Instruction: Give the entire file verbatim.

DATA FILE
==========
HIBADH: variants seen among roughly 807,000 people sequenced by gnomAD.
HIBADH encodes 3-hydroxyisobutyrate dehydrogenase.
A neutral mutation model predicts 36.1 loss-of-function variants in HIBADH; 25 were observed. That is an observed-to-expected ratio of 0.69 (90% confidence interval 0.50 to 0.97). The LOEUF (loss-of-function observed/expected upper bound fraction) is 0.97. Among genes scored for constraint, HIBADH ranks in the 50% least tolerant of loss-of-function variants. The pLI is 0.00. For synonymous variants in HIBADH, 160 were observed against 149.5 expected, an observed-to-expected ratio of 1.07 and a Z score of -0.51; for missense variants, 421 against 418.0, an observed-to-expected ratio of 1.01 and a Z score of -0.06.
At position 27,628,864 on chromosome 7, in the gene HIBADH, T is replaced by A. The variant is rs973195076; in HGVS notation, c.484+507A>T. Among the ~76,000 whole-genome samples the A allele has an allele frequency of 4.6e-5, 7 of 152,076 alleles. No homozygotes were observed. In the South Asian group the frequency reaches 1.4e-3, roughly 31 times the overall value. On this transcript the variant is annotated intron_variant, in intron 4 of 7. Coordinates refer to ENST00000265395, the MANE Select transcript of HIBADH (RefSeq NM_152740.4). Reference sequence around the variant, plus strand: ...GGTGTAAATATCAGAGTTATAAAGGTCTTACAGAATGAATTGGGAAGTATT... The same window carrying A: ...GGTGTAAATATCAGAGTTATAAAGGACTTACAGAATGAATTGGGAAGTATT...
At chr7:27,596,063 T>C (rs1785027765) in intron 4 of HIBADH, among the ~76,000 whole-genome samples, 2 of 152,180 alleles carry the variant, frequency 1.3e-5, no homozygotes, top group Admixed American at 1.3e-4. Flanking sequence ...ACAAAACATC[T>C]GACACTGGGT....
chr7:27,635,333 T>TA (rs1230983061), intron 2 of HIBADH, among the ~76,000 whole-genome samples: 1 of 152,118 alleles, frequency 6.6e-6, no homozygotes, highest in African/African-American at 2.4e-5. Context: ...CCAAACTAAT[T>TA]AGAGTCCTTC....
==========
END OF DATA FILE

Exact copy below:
HIBADH: variants seen among roughly 807,000 people sequenced by gnomAD.
HIBADH encodes 3-hydroxyisobutyrate dehydrogenase.
A neutral mutation model predicts 36.1 loss-of-function variants in HIBADH; 25 were observed. That is an observed-to-expected ratio of 0.69 (90% confidence interval 0.50 to 0.97). The LOEUF (loss-of-function observed/expected upper bound fraction) is 0.97. Among genes scored for constraint, HIBADH ranks in the 50% least tolerant of loss-of-function variants. The pLI is 0.00. For synonymous variants in HIBADH, 160 were observed against 149.5 expected, an observed-to-expected ratio of 1.07 and a Z score of -0.51; for missense variants, 421 against 418.0, an observed-to-expected ratio of 1.01 and a Z score of -0.06.
At position 27,628,864 on chromosome 7, in the gene HIBADH, T is replaced by A. The variant is rs973195076; in HGVS notation, c.484+507A>T. Among the ~76,000 whole-genome samples the A allele has an allele frequency of 4.6e-5, 7 of 152,076 alleles. No homozygotes were observed. In the South Asian group the frequency reaches 1.4e-3, roughly 31 times the overall value. On this transcript the variant is annotated intron_variant, in intron 4 of 7. Coordinates refer to ENST00000265395, the MANE Select transcript of HIBADH (RefSeq NM_152740.4). Reference sequence around the variant, plus strand: ...GGTGTAAATATCAGAGTTATAAAGGTCTTACAGAATGAATTGGGAAGTATT... The same window carrying A: ...GGTGTAAATATCAGAGTTATAAAGGACTTACAGAATGAATTGGGAAGTATT...
At chr7:27,596,063 T>C (rs1785027765) in intron 4 of HIBADH, among the ~76,000 whole-genome samples, 2 of 152,180 alleles carry the variant, frequency 1.3e-5, no homozygotes, top group Admixed American at 1.3e-4. Flanking sequence ...ACAAAACATC[T>C]GACACTGGGT....
chr7:27,635,333 T>TA (rs1230983061), intron 2 of HIBADH, among the ~76,000 whole-genome samples: 1 of 152,118 alleles, frequency 6.6e-6, no homozygotes, highest in African/African-American at 2.4e-5. Context: ...CCAAACTAAT[T>TA]AGAGTCCTTC....